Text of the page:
The 10 minutes after Freeman’s goal were critical, and the chances literally fell to both teams. First Jake Celinski fed Freeman with a right-to-left pass that Freeman shot over the bar.

Then Logan Wright force a save from Wyma and Austin Collier’s follow-up shot was blocked by Brandon Espino for a corner kick. This time, the Tigers played a long cross directly from the corner kick and Petprachan’s cross was met solidly by an onrushing Austin Hansen to put the hosts ahead 2-1.

“One of the things I preach to them is that any time you get into the box, whether it’s off a long kick, a corner kick or a throw-in,” O’Hara said, “it’s a matter of who wants it more. Yes there’s timing and there’s body positioning. But 80 percent of it is ‘who wants that ball more?’ On our second goal, Austin Hansen came flying in. He was on a mission, there was no question about it.”

The final critical moment in the 10-minute sequence came when Freeman steamed in on goal and Fink made a one-on-one save.

“I told the kids at halftime that the second goal was the most important goal,” O’Hara said. “They scored it and we could have put our heads down and said that they’d come back and were going to go ahead and win this game or we could fight back – and we fought back.”

Fink’s save against Freeman was a key one-on-one moment in the match.

“That changes the whole complex of the game,” O’Hara said. “If that ball goes in, now it’s 2-2 and now the momentum’s back in their direction.”

Certainly the players on the field were aware of the importance of those minutes in the match.

“We had to keep our heads,” Novacek said. “We had to keep coming out with them and not getting down off that one goal.”

The chances began to tip Plainfield North’s way in the final 20 minutes of play and Wright completed the scoring when he raced to collect a ball on the left wing and then chipped over an advancing Wyma.

With nine wins, Plainfield North has set its school record for victories in a season – and there is still half a season to play. The team’s first chance to reach double-digit wins for the first time in program history comes Wednesday and a 4:30 p.m. contest at Oswego.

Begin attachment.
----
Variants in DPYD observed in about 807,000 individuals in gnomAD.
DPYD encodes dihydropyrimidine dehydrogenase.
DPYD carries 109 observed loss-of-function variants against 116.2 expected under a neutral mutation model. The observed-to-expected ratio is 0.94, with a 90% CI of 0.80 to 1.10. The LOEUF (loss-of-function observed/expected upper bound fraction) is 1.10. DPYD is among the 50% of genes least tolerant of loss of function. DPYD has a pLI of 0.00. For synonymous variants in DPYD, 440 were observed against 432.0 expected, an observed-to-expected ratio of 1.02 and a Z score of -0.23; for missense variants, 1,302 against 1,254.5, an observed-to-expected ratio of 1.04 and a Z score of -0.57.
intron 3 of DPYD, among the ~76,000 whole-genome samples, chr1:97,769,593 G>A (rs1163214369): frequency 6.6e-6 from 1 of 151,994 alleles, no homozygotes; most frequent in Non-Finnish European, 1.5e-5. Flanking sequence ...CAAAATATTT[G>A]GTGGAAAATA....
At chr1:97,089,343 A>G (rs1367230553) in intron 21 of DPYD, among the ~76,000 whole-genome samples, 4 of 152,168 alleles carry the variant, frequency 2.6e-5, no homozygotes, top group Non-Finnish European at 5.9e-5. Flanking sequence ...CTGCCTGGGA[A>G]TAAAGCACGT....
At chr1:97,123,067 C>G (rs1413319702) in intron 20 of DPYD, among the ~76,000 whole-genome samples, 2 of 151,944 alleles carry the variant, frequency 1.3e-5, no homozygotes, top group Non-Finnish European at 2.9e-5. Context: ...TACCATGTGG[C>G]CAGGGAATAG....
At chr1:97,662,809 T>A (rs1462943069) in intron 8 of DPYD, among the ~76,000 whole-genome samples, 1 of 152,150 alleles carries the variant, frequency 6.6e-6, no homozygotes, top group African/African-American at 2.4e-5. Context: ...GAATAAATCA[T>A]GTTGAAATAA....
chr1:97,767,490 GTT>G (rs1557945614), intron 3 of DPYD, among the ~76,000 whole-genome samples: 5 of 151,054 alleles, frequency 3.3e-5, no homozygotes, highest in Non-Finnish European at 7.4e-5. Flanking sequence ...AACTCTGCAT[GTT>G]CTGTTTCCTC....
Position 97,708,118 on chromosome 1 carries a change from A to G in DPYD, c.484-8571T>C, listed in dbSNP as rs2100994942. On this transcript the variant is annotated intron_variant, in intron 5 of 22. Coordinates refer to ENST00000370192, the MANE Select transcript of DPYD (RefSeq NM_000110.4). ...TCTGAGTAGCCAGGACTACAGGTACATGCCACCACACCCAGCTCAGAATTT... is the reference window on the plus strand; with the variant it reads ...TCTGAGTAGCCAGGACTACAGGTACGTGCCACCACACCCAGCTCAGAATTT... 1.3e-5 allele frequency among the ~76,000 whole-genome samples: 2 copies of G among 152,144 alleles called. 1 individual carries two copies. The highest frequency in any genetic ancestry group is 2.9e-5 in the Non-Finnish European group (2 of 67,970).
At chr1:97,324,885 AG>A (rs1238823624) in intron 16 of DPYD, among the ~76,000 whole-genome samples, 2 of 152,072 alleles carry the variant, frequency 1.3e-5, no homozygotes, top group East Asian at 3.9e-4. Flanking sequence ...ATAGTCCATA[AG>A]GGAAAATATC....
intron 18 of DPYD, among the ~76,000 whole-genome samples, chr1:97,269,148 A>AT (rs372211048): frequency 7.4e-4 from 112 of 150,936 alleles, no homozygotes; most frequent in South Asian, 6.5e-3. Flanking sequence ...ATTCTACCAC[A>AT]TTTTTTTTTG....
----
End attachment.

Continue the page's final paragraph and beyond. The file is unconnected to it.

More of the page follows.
“We’ve never had nine wins before, and it’s awesome for us,” Novacek said. “We’re going to keep going as a team.”

Metea Valley fell to 4-4-3 and has not had the same result in back-to-back matches this season. The Mustangs can continue that trend if they win or tie with Larkin – their next opponent – in a 6 p.m. road match on Thursday.

“I thought we played well,” Robinson said. “It’s two games in a row where we haven’t gotten a win out of what I felt was really quality soccer, which is unfortunate. I think as a coaching staff, we’re being a little more positive. I think, early in the year, we were a little frustrated with the quality of soccer we were playing. We’re playing a bit of quality soccer, and that will eventually pay off.”

Key after Monday’s match is the fact that the Mustangs will have back-to-back practices for the first time in around one month.

“We need to go back and do some training,” Robinson said. “We’ve done a lot of regenerating sessions and recovery sessions, rather than actually going and doing some coaching and fixing some of the things we need to fix. But we’re growing.”

Plainfield North got a solid short-term effort from Manny Bofah, a senior forward whose minutes have been impacting so far this season.

“The best thing he did was his hustle today,” O’Hara said “He might be out there only two minutes or it might be five or maybe it’s 15 minutes. But I want him to just be non-stop. I talked to all the forwards before the game and told them they were the engine for us. I told them that if they pressured and forced turnovers, it makes everything so much easier for us.”

Teams like to talk about strength up their “spine” – and Metea Valley’s three captains play in that spine. Nate Donovan is a central defender, Dakota Rowsey plays in central midfield and Freeman is a striker.

“(Rowsey) being a junior and the others being seniors, they’ve been with us since they were freshmen,” Robinson said. “They’re fantastic and they’re really stepping up and doing some wonderful things. We’ve asked a lot out of them, but you see them stepping up. (Rowsey) had a fantastic game today and (Freeman) can continue to grow and (Donovan’s) been great at the back. They’re providing leadership for a pretty young group.”